50 Years From Now

 What will become of Japan’s sex industry 50 years from now?

 I will be dead or have lost potency then, so it’s nothing to think about. But I’ll try to guess for fun.

 First of all, will the current law on sexual stuff change? The government is getting tougher and tougher on it, so I think it won’t.

1 It applies to TV programs. Sexual description that was common 20 years ago are rarely seen recently. One of the reasons would be the Internet where opinions of each individual, including parents, counts a lot more than before.

 Days ago, the United Nations issued a statement about Japanese child pornography. I think it’s a good thing. Even a native Japanese like me feels something unusual about it, though I know it’s a part of the culture.

 The trend will become stronger. I believe that as time goes by, that what can be done will be impossible, and that what can not be done will stay the same.

 An example of what cannot be done is, it’s banned to open a new soapland, hote-heru or hako-heru. Specifically, you can’t get a new operating license. If you want to start these businesses, you need to buy or rent existing ones.

 Plus, the licenses always come with real estate. They allow you to operate a sex establishment at a particular place, and nowhere else. Renovation is okay, but construction is forbidden.

 On the other hand, it’s legally okay to open a new deri-heru. It’s the only kind of sex establishment you can get a new license. It doesn’t have a front desk and attract customers through the Internet alone.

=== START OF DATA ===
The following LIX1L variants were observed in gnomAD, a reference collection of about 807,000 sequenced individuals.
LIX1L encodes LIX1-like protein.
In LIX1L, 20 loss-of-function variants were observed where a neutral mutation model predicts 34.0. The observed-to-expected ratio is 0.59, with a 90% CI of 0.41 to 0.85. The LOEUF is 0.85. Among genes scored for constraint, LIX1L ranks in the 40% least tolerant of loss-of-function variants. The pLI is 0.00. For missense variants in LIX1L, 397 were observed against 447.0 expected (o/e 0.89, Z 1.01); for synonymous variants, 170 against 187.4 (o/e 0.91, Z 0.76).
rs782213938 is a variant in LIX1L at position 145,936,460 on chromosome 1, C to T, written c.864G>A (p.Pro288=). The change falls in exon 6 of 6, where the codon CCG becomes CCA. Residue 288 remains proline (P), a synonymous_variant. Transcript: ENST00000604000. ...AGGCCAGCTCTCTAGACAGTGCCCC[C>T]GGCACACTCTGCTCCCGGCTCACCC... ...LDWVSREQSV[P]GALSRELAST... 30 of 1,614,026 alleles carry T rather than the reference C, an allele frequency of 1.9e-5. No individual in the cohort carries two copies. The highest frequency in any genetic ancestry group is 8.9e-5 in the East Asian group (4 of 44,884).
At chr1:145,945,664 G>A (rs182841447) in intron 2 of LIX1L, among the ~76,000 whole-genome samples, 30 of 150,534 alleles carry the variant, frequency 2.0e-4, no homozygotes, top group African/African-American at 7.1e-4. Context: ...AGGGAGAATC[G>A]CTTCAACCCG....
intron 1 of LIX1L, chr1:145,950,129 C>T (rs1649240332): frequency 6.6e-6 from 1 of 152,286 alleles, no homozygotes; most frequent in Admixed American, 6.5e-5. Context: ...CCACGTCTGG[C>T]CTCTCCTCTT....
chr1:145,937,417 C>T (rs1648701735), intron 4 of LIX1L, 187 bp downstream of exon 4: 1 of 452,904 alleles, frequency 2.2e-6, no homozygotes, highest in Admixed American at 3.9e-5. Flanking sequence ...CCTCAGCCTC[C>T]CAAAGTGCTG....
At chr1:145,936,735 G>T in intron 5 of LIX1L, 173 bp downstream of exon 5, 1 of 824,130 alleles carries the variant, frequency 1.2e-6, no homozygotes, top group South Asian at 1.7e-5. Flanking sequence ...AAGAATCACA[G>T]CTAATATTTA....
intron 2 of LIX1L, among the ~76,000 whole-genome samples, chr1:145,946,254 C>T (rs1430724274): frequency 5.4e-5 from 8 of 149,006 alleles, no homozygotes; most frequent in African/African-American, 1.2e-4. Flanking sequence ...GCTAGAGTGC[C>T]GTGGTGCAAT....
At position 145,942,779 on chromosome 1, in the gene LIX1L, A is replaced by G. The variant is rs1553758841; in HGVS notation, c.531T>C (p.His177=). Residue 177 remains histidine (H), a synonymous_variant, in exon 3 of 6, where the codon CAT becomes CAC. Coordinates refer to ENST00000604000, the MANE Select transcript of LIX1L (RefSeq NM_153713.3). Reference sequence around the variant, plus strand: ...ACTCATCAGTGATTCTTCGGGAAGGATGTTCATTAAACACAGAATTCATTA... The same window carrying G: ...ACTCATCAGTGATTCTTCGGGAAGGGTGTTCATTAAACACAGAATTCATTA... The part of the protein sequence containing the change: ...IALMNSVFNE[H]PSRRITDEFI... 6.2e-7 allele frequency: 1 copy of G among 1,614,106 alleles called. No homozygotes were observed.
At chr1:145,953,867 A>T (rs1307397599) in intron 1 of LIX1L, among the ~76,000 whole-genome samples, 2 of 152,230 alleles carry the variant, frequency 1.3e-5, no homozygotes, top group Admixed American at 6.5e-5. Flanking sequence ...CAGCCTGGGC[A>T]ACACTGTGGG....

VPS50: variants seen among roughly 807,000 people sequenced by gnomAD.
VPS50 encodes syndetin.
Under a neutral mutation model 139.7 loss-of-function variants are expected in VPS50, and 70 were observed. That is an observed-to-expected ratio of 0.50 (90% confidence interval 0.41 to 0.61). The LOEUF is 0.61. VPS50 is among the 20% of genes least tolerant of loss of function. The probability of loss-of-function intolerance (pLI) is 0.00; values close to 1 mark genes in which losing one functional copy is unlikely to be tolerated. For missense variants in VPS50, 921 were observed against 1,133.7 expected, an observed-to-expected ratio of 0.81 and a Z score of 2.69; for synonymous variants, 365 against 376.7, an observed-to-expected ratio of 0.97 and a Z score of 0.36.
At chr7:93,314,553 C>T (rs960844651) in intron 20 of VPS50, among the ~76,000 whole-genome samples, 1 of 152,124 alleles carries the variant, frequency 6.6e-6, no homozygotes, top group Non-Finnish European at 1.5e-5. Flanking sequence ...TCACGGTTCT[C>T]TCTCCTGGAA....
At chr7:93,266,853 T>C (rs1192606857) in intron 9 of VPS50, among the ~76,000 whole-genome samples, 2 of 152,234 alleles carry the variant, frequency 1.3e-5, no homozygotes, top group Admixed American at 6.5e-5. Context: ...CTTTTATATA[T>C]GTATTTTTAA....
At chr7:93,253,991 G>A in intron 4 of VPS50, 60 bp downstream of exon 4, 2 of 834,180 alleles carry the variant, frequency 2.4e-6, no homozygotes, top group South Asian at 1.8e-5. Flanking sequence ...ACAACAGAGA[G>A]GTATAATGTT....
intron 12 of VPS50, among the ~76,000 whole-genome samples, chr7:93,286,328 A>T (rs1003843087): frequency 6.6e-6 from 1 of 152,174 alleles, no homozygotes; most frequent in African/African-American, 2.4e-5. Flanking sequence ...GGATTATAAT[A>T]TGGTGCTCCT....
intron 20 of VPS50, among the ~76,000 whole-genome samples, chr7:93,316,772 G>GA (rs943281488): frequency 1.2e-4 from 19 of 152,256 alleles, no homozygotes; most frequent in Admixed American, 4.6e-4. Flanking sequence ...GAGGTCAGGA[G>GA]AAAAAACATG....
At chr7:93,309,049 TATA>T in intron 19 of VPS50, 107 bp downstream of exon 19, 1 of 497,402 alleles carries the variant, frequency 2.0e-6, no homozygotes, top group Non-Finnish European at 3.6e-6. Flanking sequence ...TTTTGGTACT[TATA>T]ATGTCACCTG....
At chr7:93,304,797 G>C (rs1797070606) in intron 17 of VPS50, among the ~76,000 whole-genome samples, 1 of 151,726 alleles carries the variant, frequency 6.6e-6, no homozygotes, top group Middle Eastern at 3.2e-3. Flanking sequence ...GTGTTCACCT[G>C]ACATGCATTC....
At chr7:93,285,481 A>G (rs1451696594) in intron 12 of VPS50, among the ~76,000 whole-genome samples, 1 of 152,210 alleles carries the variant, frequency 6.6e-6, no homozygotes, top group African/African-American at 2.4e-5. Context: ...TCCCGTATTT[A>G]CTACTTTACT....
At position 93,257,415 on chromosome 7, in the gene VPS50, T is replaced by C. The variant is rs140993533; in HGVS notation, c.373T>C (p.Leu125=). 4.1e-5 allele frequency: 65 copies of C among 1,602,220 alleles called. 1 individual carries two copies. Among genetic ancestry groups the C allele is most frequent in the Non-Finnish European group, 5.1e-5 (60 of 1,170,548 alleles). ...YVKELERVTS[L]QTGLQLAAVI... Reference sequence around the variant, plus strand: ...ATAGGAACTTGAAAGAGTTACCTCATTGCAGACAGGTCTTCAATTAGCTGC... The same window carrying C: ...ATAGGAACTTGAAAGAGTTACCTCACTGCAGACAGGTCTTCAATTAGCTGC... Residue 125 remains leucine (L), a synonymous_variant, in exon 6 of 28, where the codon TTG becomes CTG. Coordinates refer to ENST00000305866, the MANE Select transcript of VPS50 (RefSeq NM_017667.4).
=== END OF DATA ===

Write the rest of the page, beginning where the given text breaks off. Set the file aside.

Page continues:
In the long run, soaplands and hote-heru and hako-heru types of sex establishments will be gone down the line. 50 years from now, over half of them will have, because of architectural deterioration. Even today, I know some of them are refurbished frequently.

 The most popular service of soapland is “mat play.” People will miss it. I guess deri-heru clubs which feature the service might appear in the near future.

 Anyway, almost all of Japan’s sex establishments will belong to the deri-heru type. It has become the mainstream even today. Roughly 20,000 operating licenses of sex clubs exist in the whole Japan. Surveys show nearly the half of them run actually, and half of which fall under deri-heru, despite the fact that it was born just about a dozen years ago.

 Considering Japan’s declining birth rate, aging population, loss of interest in sexuality, and increase of entertainment such as smartphone games, the whole sum of sex clubs are on the decrease over the long haul.

 The above is my personal prediction. It would be better not to take it as it is.

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